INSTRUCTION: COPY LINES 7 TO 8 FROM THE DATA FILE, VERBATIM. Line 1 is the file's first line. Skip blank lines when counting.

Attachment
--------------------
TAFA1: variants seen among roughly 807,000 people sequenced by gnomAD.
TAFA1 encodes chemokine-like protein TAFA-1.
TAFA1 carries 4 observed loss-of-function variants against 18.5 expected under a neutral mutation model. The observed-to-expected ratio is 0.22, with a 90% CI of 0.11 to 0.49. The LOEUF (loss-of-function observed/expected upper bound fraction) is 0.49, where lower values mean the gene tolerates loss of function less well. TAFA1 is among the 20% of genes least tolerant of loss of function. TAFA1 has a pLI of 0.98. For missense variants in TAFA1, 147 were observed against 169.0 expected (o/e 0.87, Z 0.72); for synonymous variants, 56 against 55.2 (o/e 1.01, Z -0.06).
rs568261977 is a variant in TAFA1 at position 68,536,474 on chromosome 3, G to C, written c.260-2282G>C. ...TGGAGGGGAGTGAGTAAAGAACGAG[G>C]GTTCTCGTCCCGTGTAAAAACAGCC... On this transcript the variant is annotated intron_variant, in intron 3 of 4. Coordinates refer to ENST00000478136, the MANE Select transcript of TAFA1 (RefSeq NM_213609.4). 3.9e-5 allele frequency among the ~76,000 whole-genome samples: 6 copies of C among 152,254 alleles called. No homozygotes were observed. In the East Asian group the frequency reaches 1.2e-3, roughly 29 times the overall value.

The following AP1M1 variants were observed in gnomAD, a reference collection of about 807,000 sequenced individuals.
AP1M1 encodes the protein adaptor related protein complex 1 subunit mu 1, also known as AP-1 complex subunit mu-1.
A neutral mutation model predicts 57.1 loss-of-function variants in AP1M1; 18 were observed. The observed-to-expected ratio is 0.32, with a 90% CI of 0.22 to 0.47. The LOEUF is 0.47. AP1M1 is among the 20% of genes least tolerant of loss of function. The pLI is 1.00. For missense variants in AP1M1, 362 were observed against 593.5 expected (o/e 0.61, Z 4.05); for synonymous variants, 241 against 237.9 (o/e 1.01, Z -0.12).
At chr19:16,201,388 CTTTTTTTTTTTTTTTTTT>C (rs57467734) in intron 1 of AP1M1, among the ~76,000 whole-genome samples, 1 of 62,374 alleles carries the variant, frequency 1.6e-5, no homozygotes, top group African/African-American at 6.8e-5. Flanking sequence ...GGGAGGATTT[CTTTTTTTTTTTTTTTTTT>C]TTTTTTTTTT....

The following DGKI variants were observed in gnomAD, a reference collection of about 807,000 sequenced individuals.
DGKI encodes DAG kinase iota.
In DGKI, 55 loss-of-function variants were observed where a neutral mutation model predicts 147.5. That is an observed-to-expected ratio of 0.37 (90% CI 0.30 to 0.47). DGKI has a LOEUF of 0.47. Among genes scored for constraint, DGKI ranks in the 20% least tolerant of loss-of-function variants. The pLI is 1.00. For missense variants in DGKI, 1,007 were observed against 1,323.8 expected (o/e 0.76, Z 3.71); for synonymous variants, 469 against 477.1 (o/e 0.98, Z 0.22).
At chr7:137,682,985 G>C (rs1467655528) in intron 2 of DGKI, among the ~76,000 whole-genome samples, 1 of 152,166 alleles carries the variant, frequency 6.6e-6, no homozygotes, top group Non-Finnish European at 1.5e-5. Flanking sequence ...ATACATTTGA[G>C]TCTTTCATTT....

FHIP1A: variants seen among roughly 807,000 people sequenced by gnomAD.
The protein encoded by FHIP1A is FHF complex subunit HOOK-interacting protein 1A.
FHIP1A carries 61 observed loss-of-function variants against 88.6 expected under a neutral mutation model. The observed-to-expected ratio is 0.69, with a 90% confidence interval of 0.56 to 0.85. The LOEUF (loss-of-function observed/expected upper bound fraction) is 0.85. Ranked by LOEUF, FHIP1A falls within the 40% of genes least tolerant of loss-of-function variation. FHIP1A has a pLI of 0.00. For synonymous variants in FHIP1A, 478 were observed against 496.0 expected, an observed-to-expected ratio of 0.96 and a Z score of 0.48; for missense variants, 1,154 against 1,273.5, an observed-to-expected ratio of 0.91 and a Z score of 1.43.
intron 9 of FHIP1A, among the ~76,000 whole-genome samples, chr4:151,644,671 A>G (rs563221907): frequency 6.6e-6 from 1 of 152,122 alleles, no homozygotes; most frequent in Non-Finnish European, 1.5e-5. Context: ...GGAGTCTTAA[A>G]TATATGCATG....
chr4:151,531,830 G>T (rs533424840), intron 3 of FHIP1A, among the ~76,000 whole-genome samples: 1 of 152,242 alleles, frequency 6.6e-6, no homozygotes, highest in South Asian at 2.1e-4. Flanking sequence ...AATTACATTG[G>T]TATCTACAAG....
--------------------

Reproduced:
A neutral mutation model predicts 57.1 loss-of-function variants in AP1M1; 18 were observed. The observed-to-expected ratio is 0.32, with a 90% CI of 0.22 to 0.47. The LOEUF is 0.47. AP1M1 is among the 20% of genes least tolerant of loss of function. The pLI is 1.00. For missense variants in AP1M1, 362 were observed against 593.5 expected (o/e 0.61, Z 4.05); for synonymous variants, 241 against 237.9 (o/e 1.01, Z -0.12).
At chr19:16,201,388 CTTTTTTTTTTTTTTTTTT>C (rs57467734) in intron 1 of AP1M1, among the ~76,000 whole-genome samples, 1 of 62,374 alleles carries the variant, frequency 1.6e-5, no homozygotes, top group African/African-American at 6.8e-5. Flanking sequence ...GGGAGGATTT[CTTTTTTTTTTTTTTTTTT>C]TTTTTTTTTT....